We continued our journey which brought us to a graveyard washed in an eerie bluish-green light. A crooked, gnarled tree straight out of Sleepy Hollow welcomed us into the cemetery. The dead stirred here and the living were not welcome, Cikalo and I made our way up a ramp that led us back into Krazy Hilda’s Barn of Doom. The end of the attraction was highlighted by a pair of rooms – the first was painstakingly painted in what I’d estimate was 1 x 1 squares, each square painted with a symbol from a playing card. I loved the effect, I felt as if we’d been dropped into some sort of bizarre Alice in Wonderland detour. The final room was neatly decorated with brightly colored props and several sinister circus clowns.

We exited the Barn of Doom but Krazy Hilda wasn’t quite through with us just yet. In order to gain our freedom we had to brave one final horror, a familiar haunt finale but one that works so much better when executed properly as it was at Hilda’s.

Krazy Hilda’s has a great fall atmosphere and features a haunt with a good pace and a fun layout. The volunteer staff delivered some of the most consistent startle scares I’ve ever witnessed. The scenes inside and outside of the barn employ an effective mix of creativity and haunting fundamentals. I urge anyone who appreciates the art of haunting to get to Krazy Hilda’s this fall.

Rating: 4.25 stars

CREATIVE INSANITY REIGNS AT FEARGROUNDS

The haunted attraction at the Fairgrounds in Chelsea is held in a very large modern pull barn. The show begins before patrons even buy a ticket. A bat-like humanoid revealed an impressive wingspan on a small hill near the haunt’s entrance, a silent octogenarian moodily pushed a walker around the grounds, a neatly placed statue cast a massive and foreboding shadow against the exterior of the building. A large castel facade dominated the lobby area, to the left of this a fun photo-op is available to haunters for a mere $1. We would take advantage of this once we completed our journey through the haunted attraction.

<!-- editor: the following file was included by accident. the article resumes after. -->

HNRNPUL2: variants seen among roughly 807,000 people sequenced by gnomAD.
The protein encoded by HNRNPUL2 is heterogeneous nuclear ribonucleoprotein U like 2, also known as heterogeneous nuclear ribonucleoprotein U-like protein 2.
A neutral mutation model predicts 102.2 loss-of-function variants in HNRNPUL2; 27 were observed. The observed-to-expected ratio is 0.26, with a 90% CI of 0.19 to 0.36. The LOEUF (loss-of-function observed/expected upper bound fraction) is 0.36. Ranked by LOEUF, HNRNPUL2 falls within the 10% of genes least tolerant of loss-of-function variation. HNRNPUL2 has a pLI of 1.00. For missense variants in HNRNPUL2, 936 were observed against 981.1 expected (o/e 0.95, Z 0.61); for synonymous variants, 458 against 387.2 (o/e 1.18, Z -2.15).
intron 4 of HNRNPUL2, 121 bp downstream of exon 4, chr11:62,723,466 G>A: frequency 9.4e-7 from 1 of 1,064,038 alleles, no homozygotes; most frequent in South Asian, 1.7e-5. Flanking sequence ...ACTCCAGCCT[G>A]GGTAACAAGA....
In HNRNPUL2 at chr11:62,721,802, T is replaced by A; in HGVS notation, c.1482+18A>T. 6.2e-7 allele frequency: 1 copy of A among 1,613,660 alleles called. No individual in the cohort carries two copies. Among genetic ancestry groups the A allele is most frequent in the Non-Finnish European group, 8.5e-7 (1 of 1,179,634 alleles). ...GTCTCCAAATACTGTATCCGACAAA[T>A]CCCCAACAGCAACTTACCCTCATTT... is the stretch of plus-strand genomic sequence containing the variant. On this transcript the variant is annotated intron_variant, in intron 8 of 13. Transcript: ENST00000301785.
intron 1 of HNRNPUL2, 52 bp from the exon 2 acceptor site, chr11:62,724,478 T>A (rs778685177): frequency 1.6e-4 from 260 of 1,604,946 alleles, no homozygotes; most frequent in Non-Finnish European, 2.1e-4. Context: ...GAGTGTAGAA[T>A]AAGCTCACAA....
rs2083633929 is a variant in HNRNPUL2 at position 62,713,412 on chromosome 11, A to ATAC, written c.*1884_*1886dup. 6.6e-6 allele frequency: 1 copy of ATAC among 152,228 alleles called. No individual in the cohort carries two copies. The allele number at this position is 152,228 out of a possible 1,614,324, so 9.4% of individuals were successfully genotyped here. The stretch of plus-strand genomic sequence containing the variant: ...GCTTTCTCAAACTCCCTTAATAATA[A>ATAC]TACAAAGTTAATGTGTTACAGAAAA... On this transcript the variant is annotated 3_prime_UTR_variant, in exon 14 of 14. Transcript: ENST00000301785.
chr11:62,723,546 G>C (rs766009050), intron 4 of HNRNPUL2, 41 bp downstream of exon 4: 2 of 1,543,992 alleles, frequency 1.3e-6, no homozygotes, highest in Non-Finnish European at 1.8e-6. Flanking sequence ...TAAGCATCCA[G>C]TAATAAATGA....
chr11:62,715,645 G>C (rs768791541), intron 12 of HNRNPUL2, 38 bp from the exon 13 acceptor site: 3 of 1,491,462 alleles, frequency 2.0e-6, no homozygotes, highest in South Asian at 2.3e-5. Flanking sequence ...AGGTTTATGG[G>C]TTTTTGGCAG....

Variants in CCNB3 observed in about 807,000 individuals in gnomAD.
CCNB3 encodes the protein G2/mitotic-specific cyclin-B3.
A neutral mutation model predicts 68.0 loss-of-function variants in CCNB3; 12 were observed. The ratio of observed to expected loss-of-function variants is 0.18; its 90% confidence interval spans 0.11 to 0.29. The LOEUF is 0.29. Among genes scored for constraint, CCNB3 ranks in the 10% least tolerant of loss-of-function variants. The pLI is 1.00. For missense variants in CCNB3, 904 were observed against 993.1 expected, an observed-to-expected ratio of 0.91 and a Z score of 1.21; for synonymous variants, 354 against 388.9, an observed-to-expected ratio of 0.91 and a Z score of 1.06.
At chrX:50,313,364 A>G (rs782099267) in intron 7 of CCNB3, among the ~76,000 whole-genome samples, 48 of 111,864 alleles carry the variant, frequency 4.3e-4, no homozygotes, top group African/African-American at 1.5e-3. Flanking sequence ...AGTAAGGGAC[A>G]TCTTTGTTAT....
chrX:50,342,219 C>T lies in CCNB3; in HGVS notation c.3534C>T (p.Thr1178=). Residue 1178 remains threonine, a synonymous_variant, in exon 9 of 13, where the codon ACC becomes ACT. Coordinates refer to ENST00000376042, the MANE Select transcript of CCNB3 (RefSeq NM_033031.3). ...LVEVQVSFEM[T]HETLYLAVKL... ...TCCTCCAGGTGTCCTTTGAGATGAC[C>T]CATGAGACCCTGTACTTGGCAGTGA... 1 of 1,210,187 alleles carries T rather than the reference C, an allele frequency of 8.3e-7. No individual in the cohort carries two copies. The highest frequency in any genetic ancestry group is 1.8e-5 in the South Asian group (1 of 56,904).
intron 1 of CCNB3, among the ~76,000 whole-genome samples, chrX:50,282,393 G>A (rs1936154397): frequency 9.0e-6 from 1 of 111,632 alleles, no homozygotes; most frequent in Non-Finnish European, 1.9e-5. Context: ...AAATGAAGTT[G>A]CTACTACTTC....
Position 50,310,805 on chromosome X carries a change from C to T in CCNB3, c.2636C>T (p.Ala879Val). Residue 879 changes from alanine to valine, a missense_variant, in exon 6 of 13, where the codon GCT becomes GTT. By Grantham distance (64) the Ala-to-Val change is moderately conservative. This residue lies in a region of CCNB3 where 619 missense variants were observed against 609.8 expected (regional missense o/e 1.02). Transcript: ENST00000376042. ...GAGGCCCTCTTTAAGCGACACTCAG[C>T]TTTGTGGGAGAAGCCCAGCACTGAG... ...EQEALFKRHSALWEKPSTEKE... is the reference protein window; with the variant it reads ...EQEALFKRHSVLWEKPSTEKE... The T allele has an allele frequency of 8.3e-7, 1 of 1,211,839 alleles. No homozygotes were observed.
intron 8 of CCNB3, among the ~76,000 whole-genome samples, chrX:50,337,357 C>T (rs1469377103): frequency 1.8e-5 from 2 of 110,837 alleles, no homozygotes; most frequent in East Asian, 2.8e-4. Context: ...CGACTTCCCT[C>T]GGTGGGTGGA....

The Chelsea Feargrounds was a veritable grab bag of haunting elements, there was old school, there was new school and just about everything in between. There was a narrative about a mad scientist but this functioned more as a reason to showcase several gizmos and animatronics more than it did to explain any story line. It reminded me of Terror Town although it was clear the this place was less about bumps in the night and more interested in the wow factor.

The first several rooms featured characters who expounded on the think narrative rather than delivering scares and I was happy when that trend ended. Ironically enough it was indeed one of these rooms in which one of my favorite moments occurred. A female ghoul prattled on about the history of the aforementioned mad scientist but what caught my attention was an excellent fortune teller machine in the corner of the room. Those creepy contraptions have always given me the willies. A wild-eyed monkey madly slammed cymbals together from inside the box where the mystic stared out at us with dead, frozen eyes. As we moved forward to texit the room the evil seer lurched form his seat and slammed his hands against the glass! This was no wretched robot! This turbaned future caster was genuine flesh and bone!